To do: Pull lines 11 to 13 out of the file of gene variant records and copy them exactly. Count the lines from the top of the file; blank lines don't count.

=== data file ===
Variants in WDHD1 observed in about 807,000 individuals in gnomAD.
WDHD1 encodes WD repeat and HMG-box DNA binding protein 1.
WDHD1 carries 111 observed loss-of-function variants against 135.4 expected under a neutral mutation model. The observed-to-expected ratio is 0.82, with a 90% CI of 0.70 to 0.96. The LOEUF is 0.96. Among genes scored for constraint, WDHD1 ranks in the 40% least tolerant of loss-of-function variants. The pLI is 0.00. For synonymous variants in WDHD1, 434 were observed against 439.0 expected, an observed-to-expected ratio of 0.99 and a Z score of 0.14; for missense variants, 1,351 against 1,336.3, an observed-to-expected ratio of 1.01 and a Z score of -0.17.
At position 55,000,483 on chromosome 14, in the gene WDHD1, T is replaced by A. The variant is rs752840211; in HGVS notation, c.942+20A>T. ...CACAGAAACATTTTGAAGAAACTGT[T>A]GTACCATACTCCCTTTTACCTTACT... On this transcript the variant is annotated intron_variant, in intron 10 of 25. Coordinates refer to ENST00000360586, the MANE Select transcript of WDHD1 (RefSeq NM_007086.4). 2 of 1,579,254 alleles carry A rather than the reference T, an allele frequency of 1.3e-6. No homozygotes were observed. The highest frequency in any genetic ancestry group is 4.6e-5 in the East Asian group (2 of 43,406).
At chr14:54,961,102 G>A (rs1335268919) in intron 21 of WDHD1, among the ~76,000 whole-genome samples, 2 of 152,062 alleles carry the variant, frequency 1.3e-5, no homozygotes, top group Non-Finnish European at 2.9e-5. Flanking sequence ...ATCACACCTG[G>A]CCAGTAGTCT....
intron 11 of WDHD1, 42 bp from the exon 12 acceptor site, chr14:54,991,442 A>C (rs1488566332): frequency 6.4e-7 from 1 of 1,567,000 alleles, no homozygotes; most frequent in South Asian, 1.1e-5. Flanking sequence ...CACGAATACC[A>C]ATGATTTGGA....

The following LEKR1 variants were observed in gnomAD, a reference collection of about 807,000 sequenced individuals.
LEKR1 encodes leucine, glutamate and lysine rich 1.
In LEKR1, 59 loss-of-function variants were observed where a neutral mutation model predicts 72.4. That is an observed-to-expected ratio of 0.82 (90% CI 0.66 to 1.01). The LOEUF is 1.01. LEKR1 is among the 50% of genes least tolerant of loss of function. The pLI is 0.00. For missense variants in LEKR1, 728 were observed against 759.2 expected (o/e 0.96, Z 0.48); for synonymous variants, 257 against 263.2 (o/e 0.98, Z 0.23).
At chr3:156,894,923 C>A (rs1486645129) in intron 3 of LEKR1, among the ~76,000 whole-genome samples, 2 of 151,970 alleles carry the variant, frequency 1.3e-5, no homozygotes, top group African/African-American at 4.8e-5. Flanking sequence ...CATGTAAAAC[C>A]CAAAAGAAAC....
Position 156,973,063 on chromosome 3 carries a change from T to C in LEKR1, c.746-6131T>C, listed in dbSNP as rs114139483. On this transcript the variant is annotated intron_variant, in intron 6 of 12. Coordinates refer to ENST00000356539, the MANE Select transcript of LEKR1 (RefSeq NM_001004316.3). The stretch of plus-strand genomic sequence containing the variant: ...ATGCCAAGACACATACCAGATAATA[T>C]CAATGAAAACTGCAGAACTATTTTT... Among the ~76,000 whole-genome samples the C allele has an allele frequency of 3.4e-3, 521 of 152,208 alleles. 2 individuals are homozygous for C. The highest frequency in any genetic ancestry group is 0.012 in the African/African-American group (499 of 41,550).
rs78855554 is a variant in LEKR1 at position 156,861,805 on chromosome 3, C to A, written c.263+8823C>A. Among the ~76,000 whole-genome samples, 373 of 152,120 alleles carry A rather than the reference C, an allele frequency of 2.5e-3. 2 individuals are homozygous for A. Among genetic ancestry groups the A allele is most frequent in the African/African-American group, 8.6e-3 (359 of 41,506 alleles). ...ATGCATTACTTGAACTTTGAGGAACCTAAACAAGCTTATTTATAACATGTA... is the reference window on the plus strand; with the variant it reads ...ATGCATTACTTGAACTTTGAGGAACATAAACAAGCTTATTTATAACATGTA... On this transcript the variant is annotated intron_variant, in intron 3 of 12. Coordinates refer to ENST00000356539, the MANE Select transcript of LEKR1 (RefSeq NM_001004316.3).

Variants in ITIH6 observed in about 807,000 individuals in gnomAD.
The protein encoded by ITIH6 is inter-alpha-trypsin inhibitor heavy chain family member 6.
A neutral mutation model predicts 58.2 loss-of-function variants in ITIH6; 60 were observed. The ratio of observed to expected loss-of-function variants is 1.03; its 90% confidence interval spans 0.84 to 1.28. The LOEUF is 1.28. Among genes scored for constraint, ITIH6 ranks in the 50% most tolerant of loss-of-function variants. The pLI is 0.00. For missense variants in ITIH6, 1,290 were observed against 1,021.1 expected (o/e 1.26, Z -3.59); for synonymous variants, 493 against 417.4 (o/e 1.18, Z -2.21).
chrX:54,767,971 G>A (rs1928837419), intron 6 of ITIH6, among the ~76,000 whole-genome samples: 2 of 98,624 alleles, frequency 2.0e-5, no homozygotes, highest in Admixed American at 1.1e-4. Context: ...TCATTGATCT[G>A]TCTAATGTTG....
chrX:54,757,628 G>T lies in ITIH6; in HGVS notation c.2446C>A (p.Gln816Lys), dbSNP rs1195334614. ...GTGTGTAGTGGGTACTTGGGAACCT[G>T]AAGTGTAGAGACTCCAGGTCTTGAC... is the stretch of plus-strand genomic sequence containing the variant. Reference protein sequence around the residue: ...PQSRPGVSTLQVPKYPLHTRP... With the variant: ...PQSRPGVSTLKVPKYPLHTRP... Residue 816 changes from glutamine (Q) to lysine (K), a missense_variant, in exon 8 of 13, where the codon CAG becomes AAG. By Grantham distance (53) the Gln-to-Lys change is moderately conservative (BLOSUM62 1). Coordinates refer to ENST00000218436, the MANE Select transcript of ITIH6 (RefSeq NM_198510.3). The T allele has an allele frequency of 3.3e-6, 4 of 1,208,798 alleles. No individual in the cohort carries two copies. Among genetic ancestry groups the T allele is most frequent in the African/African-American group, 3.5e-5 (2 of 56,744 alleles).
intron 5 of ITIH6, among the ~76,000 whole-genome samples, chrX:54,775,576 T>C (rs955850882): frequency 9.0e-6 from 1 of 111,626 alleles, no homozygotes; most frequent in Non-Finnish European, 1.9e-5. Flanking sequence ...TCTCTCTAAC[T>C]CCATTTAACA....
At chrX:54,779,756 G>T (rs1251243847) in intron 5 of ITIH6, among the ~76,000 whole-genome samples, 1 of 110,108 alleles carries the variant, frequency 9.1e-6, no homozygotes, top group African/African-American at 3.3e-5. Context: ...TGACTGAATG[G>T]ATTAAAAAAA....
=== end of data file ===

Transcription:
Position 156,973,063 on chromosome 3 carries a change from T to C in LEKR1, c.746-6131T>C, listed in dbSNP as rs114139483. On this transcript the variant is annotated intron_variant, in intron 6 of 12. Coordinates refer to ENST00000356539, the MANE Select transcript of LEKR1 (RefSeq NM_001004316.3). The stretch of plus-strand genomic sequence containing the variant: ...ATGCCAAGACACATACCAGATAATA[T>C]CAATGAAAACTGCAGAACTATTTTT... Among the ~76,000 whole-genome samples the C allele has an allele frequency of 3.4e-3, 521 of 152,208 alleles. 2 individuals are homozygous for C. The highest frequency in any genetic ancestry group is 0.012 in the African/African-American group (499 of 41,550).
rs78855554 is a variant in LEKR1 at position 156,861,805 on chromosome 3, C to A, written c.263+8823C>A. Among the ~76,000 whole-genome samples, 373 of 152,120 alleles carry A rather than the reference C, an allele frequency of 2.5e-3. 2 individuals are homozygous for A. Among genetic ancestry groups the A allele is most frequent in the African/African-American group, 8.6e-3 (359 of 41,506 alleles). ...ATGCATTACTTGAACTTTGAGGAACCTAAACAAGCTTATTTATAACATGTA... is the reference window on the plus strand; with the variant it reads ...ATGCATTACTTGAACTTTGAGGAACATAAACAAGCTTATTTATAACATGTA... On this transcript the variant is annotated intron_variant, in intron 3 of 12. Coordinates refer to ENST00000356539, the MANE Select transcript of LEKR1 (RefSeq NM_001004316.3).

Variants in ITIH6 observed in about 807,000 individuals in gnomAD.